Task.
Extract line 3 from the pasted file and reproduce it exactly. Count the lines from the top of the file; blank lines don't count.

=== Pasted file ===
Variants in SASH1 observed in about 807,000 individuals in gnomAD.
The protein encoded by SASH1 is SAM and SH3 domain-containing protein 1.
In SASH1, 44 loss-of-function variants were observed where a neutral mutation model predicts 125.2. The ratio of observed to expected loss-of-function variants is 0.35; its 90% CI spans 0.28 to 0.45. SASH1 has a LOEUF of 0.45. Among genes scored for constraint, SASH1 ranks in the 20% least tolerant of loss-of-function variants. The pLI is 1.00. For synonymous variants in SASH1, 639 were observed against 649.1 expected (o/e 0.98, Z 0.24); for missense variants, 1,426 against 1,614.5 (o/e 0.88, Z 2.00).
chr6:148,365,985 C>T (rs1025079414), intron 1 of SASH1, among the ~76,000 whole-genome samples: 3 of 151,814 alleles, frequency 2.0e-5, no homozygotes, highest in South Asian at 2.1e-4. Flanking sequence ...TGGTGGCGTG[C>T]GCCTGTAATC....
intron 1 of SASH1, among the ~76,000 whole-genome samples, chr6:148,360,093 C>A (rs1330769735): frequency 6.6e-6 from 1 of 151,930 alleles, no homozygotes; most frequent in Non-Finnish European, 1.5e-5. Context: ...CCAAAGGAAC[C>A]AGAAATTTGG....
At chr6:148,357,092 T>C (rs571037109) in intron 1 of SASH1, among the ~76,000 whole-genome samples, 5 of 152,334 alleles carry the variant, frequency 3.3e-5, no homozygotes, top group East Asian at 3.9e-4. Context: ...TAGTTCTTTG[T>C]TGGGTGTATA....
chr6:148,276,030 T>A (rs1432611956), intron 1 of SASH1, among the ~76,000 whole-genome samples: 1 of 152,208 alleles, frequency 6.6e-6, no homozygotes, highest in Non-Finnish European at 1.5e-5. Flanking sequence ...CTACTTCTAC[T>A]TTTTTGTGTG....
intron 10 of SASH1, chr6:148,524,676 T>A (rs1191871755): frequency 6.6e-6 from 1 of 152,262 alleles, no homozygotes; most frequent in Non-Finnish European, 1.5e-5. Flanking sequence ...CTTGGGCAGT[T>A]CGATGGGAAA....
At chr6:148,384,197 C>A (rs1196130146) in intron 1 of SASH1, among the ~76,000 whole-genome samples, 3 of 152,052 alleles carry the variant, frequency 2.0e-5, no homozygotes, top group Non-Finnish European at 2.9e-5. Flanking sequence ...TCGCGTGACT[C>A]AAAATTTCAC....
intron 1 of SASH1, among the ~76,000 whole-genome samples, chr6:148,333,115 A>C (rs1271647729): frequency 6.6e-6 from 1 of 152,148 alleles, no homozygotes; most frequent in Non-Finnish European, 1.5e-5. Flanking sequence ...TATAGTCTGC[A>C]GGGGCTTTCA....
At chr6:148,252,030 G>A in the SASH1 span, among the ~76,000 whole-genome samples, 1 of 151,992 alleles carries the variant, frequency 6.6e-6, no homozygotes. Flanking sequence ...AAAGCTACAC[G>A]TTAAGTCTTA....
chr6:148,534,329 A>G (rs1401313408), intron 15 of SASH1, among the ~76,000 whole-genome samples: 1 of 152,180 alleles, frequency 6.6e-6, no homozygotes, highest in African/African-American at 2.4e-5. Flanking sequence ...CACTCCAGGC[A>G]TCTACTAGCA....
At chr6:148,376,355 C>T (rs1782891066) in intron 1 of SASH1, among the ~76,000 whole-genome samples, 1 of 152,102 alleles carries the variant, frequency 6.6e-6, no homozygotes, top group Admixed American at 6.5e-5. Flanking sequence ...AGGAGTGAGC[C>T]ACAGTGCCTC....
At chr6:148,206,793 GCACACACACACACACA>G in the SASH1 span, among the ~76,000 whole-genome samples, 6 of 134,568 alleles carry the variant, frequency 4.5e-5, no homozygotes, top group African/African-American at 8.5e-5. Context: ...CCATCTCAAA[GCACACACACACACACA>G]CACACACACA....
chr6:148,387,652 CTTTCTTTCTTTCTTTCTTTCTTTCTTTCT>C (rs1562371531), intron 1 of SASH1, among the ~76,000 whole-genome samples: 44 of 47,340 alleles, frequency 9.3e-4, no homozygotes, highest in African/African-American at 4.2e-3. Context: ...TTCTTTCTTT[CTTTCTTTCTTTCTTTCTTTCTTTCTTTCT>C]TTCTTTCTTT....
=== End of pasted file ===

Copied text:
In SASH1, 44 loss-of-function variants were observed where a neutral mutation model predicts 125.2. The ratio of observed to expected loss-of-function variants is 0.35; its 90% CI spans 0.28 to 0.45. SASH1 has a LOEUF of 0.45. Among genes scored for constraint, SASH1 ranks in the 20% least tolerant of loss-of-function variants. The pLI is 1.00. For synonymous variants in SASH1, 639 were observed against 649.1 expected (o/e 0.98, Z 0.24); for missense variants, 1,426 against 1,614.5 (o/e 0.88, Z 2.00).